Lucy’s relationships to the brothers Monty and Jack are interwoven with the political theme. Lucy is a three-dimensional character with the ability to fascinate the reader, speaking realistic dialogue and overcoming difficult obstacles. Lucy’s growth over six elections form a well-defined character arc that keeps us reading to the end.

I’d recommend this for readers looking for entertainment, but who are not offended by progressive politics.

Margaret of the North by E. Journey

Margaret of the North

E. Journey’s Margaret of the North is an engaging sequel to Elizabeth Gaskell’s North and South. The story of Margaret and John’s romance from North and South is one that really engages readers and leaves them wanting more. Journey has fulfilled that desire with her book. Readers who enjoyed North and South will find reading this sequel to be a distinct pleasure.

Journey brings a freshness and vitality to Gaskell’s characters. Margaret is every bit as compelling a character as she was in Gaskell’s work. The romance between Margaret and John is continued in this novel. Their intensely passionate relationship and abiding love are revealed in touching moments described in evocative prose. John’s mother, Mrs. Thornton, is deliciously unlikeable. She really does not care for Margaret. She is a bit harsher in this book than in the original, but that serves Journey’s story well. Journey clearly loves these characters. They are well-crafted and multi-dimensional in Journey’s capable hands.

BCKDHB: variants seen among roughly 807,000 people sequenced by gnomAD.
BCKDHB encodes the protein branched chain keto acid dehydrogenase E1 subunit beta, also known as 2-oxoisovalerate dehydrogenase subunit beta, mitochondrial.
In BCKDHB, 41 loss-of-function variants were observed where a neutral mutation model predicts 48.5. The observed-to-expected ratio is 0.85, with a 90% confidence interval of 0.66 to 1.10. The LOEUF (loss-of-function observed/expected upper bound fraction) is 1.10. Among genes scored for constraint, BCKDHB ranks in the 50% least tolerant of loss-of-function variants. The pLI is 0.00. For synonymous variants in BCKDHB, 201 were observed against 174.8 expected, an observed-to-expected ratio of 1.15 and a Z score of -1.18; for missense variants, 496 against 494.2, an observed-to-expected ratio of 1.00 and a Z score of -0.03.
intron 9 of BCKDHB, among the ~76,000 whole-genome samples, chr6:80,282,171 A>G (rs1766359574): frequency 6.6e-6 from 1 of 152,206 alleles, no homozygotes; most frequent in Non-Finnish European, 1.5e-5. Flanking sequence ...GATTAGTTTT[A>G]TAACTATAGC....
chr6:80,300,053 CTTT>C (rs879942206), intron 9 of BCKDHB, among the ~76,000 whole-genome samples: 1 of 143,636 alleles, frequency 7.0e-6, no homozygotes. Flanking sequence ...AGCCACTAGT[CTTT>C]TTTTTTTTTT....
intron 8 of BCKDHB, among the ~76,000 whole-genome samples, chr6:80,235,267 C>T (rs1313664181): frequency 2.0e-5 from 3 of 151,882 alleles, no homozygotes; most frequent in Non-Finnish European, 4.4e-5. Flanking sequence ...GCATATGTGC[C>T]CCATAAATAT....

Journey includes a necessary retelling of events that happened in the original book, to remind readers who may have forgotten, and to orient those who have no experience with the original.

The themes of the novel  — the effects on society of industrialization, and the interplay of a Victorian woman’s independence with her romantic relationship to a man – are artfully woven around a storyline that furthers the story in North and South quite well. Journey’s voice is reminiscent of Gaskell’s, and I found the transition between reading Gaskell and reading Journey to be rather seamless. Journey’s prose is well written, and her historical details well researched.

I’d recommend this to anyone who enjoyed North and South.